Despite widespread use, the bootstrap remains a controversial method for assessing confidence limits in phylogenies. Opposition to its use has centered on a small set of basic philosophical and statistical objections that have largely gone unanswered by advocates of statistical approaches to phylogeny reconstruction. The level of generality of these objections varies greatly, however. Some of the objections are merely technical, involving problems that are found in almost all statistical tests, such as bias in small data sets. Other objections are really associated not so much with a rejection of the bootstrap but with the rejection of statistical methods in phylogeny reconstruction, which resurrects an old debate. The most relevant aspects of this debate revolve around the issue of whether or not an unknown parameter, such as a tree, can have probabilities (confidence limits) associated with it. The relevant statistical aspects are reviewed, but because this issue remains controversial within statistical theory, it is unreasonable to expect it to be anything else in phylogenetic systematics. An area of common ground between statistical and nonstatistical approaches emerges in the use of statistical likelihood as a measure of support for phylogenetic hypotheses. This common ground requires the abandonment of classical notions of confidence limits by statistically oriented systematists and the acceptance of probabilistic models and likelihood by opponents of statistical methods. There remains a small set of objections directly germane to bootstrapping phylogenies per se. These objections involve issues of random sampling and whether or not character data are independent and identically distributed (IID). Nonrandomsample bootstrapping is discussed, as are sample designs that impose the IID assumption on characters regardless of evolutionary nonindependence and nonidentical distribution of those data. Systematists wishing to use the bootstrap have an alternative to making explicit and rather strong evolutionary assumptions; they can consider the issue of character sampling designs much more carefully.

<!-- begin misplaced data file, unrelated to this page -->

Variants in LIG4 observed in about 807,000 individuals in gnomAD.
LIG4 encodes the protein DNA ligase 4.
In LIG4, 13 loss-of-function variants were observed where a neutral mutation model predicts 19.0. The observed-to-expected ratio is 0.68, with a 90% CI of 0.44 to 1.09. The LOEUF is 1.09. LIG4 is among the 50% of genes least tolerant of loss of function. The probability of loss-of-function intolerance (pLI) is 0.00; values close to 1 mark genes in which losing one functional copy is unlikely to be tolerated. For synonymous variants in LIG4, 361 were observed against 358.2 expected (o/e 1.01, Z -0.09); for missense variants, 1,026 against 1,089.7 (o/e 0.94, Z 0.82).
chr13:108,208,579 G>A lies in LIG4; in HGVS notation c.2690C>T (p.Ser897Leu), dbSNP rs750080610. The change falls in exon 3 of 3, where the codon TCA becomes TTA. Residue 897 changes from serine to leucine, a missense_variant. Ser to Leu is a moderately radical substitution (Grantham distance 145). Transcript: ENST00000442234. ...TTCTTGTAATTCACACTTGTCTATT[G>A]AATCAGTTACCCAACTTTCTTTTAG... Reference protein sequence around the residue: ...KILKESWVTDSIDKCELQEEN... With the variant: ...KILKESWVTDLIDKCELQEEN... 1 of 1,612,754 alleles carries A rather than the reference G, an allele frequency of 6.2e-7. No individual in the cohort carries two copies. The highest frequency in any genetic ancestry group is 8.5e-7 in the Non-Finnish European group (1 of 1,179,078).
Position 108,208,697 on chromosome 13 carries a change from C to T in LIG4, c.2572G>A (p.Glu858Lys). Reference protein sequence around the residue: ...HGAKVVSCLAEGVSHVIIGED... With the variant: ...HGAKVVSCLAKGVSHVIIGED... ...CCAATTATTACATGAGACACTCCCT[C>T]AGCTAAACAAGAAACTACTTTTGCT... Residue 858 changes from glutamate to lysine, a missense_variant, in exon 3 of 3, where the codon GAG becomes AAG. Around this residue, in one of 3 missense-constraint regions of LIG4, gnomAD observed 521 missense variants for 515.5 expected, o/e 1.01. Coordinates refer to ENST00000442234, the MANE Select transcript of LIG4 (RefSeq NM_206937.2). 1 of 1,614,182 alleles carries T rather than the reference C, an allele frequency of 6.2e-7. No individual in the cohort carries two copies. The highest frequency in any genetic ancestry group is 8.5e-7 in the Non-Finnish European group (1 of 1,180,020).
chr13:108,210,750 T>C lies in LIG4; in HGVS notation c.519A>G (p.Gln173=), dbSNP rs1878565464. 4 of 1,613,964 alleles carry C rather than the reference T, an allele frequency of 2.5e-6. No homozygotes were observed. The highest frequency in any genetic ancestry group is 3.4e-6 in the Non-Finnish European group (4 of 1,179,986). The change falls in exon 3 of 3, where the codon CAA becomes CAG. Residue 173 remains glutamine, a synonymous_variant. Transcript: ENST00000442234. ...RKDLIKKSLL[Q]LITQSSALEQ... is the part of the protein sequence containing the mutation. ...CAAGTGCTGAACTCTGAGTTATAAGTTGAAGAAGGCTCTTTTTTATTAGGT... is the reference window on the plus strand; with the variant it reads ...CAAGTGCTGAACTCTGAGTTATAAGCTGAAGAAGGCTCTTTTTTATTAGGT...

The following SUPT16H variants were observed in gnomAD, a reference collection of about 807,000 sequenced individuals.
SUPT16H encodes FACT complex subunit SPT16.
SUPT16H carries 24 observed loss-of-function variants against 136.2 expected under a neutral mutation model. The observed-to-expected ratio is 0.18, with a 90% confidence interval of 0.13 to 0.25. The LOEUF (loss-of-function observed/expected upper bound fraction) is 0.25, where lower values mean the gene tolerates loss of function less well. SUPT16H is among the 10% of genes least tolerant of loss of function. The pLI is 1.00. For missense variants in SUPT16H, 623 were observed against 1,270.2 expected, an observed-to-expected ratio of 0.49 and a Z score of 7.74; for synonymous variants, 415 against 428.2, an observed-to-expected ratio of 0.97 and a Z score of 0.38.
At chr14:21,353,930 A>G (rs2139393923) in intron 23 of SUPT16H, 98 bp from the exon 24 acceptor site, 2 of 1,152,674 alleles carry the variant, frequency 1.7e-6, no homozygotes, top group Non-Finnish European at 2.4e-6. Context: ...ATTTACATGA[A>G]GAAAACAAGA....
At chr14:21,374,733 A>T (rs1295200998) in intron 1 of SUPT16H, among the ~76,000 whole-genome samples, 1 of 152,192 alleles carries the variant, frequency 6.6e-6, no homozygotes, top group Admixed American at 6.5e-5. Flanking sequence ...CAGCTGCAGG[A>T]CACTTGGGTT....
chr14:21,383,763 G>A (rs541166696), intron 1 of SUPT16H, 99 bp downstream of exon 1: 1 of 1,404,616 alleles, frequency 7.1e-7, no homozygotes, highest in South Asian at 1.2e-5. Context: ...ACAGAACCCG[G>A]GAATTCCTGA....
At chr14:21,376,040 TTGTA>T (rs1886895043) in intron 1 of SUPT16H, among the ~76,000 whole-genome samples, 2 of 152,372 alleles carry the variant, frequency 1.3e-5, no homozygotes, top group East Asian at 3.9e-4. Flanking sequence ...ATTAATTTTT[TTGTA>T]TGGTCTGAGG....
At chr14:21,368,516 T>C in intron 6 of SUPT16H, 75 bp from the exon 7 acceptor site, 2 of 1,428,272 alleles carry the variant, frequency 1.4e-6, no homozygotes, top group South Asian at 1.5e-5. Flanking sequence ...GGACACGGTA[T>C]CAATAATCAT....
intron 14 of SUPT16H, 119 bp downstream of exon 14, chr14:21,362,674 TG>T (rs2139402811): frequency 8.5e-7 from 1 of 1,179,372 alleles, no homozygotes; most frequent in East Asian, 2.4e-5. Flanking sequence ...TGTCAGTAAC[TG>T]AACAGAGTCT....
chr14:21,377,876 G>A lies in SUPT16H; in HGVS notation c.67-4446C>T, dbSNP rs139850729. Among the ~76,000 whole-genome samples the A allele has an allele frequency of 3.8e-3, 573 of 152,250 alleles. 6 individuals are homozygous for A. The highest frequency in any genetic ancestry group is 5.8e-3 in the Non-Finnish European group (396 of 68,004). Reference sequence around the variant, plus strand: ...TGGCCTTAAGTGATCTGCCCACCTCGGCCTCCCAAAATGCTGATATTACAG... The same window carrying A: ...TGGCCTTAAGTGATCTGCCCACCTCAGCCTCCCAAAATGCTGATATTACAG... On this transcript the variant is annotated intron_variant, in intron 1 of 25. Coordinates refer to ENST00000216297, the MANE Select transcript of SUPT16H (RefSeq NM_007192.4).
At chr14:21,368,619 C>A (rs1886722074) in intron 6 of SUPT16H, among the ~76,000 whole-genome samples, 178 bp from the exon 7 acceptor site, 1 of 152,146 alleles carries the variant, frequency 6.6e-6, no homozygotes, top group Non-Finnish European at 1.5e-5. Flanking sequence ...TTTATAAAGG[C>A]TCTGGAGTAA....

- Statistical inference
ASJC Scopus subject areas
- Ecology, Evolution, Behavior and Systematics